The Federal Bureau of Investigation, which has increasingly supplemented its traditional law enforcement role with new intelligence and counterterrorism functions, now says its paramount objective is to “prevent, disrupt, and defeat terrorist operations before they occur.”
New domestic intelligence collection activities that have been adopted in pursuit of this goal are described in unusual detail in the Bureau’s 2008 budget request (pdf).
Special attention is given to cultivating human intelligence sources.
“The FBI recruits new CHSs [confidential human sources] every day,” the budget request notes. But without increased budget support, the FBI says it will not be possible to validate these sources and to determine the credibility of the information they provide.
“With current resources, the FBI is unable to reach a point where all CHSs are successfully subjected to the CHSV [confidential human source validation] process.”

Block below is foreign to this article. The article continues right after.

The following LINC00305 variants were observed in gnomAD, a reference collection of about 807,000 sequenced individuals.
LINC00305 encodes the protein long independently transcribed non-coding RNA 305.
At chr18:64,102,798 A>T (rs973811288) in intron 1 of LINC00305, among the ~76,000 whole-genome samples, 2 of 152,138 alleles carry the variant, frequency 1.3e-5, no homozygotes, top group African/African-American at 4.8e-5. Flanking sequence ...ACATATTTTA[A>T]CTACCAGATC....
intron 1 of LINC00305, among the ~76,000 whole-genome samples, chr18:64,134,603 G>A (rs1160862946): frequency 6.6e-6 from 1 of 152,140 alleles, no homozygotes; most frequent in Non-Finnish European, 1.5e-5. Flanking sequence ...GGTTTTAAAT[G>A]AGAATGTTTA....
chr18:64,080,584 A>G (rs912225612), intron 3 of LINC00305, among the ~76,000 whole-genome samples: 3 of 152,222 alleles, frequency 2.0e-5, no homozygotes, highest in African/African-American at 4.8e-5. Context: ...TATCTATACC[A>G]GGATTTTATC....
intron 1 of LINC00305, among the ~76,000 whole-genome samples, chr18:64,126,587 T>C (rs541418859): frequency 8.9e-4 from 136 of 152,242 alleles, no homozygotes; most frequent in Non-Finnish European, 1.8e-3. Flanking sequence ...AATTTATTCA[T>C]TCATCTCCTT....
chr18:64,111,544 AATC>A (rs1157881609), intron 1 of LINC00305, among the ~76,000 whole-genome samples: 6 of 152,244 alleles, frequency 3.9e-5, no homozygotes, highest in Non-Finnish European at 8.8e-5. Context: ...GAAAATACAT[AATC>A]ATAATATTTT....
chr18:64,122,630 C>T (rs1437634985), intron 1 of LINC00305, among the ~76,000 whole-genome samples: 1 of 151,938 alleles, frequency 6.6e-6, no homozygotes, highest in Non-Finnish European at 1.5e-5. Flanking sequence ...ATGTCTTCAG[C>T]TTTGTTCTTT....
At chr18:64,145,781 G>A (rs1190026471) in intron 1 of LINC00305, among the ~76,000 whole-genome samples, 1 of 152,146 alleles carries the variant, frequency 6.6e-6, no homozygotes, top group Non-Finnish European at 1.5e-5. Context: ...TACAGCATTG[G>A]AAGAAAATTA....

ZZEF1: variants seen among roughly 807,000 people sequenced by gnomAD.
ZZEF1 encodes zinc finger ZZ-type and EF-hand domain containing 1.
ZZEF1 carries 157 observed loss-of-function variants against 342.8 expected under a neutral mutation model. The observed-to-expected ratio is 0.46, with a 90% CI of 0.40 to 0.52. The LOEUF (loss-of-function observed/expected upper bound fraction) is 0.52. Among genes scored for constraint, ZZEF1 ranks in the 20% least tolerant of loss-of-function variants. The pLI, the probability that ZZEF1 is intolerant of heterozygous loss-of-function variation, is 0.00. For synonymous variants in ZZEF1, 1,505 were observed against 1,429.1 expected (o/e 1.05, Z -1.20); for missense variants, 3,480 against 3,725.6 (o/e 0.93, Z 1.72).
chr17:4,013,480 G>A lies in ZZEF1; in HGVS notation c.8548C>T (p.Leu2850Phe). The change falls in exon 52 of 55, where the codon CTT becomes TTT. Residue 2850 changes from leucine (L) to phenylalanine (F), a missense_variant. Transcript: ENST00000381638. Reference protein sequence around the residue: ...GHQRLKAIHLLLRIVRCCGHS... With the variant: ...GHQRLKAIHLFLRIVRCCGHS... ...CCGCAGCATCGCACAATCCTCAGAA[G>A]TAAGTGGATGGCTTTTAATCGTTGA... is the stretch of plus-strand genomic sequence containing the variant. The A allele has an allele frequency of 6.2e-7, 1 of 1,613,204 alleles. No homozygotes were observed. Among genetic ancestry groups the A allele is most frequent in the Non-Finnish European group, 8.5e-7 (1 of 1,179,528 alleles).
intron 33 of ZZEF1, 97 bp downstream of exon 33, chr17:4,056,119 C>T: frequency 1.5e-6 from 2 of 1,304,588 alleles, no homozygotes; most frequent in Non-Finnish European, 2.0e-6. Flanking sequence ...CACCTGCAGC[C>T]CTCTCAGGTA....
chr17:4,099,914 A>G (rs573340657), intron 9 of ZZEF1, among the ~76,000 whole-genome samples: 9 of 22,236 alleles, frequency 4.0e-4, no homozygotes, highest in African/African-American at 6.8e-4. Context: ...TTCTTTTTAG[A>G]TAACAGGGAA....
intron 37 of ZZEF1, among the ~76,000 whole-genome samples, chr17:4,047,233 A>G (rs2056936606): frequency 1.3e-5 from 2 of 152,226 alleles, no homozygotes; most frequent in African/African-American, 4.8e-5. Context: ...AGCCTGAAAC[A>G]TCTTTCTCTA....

The budget request refers in passing to “more than 15,000” confidential human sources requiring validation (page 4-24).
The FBI also seeks new funds for intelligence collection training and operations.
“Without this training, the FBI would lack the full capacity to provide SAs [special agents] the comprehensive tradecraft, procedural, legal and policy direction needed to execute the significant and constitutionally sensitive domestic intelligence collection mission with confidence,” the budget document states (page 4-27).
The FBI’s budgetary focus on expanding its human intelligence capability was first reported by Justin Rood of ABC News. See “FBI Proposes Building Network of U.S. Informants,” July 25.
The same FBI budget document provides significant new detail on other FBI intelligence and counterterrorism activities, as well as the FBI open source program, the National Virtual Translation Center, and other initiatives.
The Washington Post reported that there were nearly 20,000 positive matches of individuals seeking to enter the United States who were flagged by the Terrorist Screening Center, according to the FBI budget request. Despite the surprisingly large figure, only a small number of arrests resulted.
See “Terror Suspect List Yields Few Arrests” by Ellen Nakashima, Washington Post, August 25.
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